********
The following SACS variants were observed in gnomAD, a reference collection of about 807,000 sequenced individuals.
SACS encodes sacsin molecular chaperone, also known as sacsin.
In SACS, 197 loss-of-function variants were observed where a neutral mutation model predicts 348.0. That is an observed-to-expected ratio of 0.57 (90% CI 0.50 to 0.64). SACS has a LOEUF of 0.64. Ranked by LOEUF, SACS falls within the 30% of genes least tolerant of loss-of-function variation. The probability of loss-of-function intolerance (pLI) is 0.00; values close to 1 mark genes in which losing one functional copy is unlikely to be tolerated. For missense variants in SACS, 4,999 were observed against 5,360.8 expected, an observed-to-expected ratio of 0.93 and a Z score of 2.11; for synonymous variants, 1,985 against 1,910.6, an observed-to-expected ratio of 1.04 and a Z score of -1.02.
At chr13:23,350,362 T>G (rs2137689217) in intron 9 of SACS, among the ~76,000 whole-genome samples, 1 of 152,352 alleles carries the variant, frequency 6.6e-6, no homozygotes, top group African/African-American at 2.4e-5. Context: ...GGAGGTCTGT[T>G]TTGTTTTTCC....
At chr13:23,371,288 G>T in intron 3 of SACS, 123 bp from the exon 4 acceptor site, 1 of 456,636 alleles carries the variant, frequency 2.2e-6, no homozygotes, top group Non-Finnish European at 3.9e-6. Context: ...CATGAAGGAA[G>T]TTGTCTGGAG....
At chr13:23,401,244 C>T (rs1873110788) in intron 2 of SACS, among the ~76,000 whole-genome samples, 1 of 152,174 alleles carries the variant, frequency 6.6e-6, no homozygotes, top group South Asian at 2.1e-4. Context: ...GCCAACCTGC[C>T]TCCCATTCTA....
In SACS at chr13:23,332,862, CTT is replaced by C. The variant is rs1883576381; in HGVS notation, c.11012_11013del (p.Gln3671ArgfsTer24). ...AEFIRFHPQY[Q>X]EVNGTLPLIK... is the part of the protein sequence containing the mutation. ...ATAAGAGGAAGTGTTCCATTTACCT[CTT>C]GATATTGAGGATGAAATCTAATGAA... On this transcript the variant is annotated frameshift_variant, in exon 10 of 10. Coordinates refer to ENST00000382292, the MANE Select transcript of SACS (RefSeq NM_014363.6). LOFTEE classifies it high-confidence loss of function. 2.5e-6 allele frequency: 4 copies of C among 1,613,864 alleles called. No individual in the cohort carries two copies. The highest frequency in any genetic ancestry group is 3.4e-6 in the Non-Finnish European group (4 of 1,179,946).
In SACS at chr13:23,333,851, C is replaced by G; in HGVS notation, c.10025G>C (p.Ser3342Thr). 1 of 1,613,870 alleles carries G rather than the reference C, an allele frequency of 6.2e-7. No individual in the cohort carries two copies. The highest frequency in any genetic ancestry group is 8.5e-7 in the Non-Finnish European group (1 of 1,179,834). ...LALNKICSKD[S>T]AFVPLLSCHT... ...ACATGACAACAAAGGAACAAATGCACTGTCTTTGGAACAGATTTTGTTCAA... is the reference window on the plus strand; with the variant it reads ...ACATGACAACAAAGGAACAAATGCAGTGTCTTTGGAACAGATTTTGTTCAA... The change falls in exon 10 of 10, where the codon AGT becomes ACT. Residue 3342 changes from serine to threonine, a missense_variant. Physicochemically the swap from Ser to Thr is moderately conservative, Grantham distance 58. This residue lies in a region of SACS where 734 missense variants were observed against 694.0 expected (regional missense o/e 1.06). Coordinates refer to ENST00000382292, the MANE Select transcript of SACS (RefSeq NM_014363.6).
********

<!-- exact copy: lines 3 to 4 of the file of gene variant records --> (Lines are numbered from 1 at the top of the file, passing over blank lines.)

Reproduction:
In SACS, 197 loss-of-function variants were observed where a neutral mutation model predicts 348.0. That is an observed-to-expected ratio of 0.57 (90% CI 0.50 to 0.64). SACS has a LOEUF of 0.64. Ranked by LOEUF, SACS falls within the 30% of genes least tolerant of loss-of-function variation. The probability of loss-of-function intolerance (pLI) is 0.00; values close to 1 mark genes in which losing one functional copy is unlikely to be tolerated. For missense variants in SACS, 4,999 were observed against 5,360.8 expected, an observed-to-expected ratio of 0.93 and a Z score of 2.11; for synonymous variants, 1,985 against 1,910.6, an observed-to-expected ratio of 1.04 and a Z score of -1.02.
At chr13:23,350,362 T>G (rs2137689217) in intron 9 of SACS, among the ~76,000 whole-genome samples, 1 of 152,352 alleles carries the variant, frequency 6.6e-6, no homozygotes, top group African/African-American at 2.4e-5. Context: ...GGAGGTCTGT[T>G]TTGTTTTTCC....